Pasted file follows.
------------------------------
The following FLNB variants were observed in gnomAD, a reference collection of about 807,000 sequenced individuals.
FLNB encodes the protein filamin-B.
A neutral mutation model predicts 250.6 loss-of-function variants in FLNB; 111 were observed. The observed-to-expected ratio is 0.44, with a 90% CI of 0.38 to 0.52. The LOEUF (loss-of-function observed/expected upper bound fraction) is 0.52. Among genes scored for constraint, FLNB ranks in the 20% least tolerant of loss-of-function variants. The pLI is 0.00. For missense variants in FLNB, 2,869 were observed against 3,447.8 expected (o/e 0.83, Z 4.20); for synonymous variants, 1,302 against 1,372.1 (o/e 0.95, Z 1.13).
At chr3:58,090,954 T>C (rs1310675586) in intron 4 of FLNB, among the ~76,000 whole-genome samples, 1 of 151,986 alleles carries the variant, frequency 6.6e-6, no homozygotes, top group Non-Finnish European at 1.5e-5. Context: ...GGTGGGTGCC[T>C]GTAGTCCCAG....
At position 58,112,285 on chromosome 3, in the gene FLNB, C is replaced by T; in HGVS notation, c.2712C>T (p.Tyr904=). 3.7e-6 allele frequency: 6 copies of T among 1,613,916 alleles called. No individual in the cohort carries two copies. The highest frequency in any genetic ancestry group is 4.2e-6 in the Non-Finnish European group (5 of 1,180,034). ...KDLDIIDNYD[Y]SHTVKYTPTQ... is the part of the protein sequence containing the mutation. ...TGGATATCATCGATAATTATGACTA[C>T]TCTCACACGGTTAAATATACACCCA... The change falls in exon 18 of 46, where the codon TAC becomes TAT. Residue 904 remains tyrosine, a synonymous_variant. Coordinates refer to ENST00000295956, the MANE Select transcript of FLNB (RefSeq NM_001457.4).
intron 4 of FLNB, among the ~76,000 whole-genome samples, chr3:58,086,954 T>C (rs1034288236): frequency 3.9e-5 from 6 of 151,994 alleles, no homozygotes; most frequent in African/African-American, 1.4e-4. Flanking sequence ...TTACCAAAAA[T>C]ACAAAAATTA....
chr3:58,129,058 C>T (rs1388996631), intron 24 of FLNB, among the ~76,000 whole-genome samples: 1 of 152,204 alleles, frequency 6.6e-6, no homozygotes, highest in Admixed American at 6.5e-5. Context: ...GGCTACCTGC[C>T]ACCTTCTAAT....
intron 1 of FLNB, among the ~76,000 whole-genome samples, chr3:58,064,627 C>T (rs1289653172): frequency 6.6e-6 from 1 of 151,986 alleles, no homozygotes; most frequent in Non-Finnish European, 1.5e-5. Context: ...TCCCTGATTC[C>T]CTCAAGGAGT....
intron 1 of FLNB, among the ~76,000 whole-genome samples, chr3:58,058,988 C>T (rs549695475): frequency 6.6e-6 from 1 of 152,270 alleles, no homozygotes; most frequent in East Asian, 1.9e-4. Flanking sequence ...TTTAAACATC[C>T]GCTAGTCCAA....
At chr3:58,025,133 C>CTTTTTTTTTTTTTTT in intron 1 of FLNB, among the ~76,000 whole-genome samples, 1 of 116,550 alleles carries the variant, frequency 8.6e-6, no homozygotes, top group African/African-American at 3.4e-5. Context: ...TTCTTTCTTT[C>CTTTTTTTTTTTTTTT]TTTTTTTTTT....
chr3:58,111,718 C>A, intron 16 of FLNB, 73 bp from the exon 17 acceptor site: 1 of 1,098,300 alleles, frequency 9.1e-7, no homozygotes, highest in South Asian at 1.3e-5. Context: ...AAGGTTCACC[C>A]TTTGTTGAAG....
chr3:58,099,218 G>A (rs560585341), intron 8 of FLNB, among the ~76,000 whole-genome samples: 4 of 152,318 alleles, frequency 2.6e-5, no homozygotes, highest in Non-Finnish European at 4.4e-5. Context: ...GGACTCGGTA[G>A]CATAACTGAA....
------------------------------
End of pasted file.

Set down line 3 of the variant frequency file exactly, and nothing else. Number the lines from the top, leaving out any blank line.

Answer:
A neutral mutation model predicts 250.6 loss-of-function variants in FLNB; 111 were observed. The observed-to-expected ratio is 0.44, with a 90% CI of 0.38 to 0.52. The LOEUF (loss-of-function observed/expected upper bound fraction) is 0.52. Among genes scored for constraint, FLNB ranks in the 20% least tolerant of loss-of-function variants. The pLI is 0.00. For missense variants in FLNB, 2,869 were observed against 3,447.8 expected (o/e 0.83, Z 4.20); for synonymous variants, 1,302 against 1,372.1 (o/e 0.95, Z 1.13).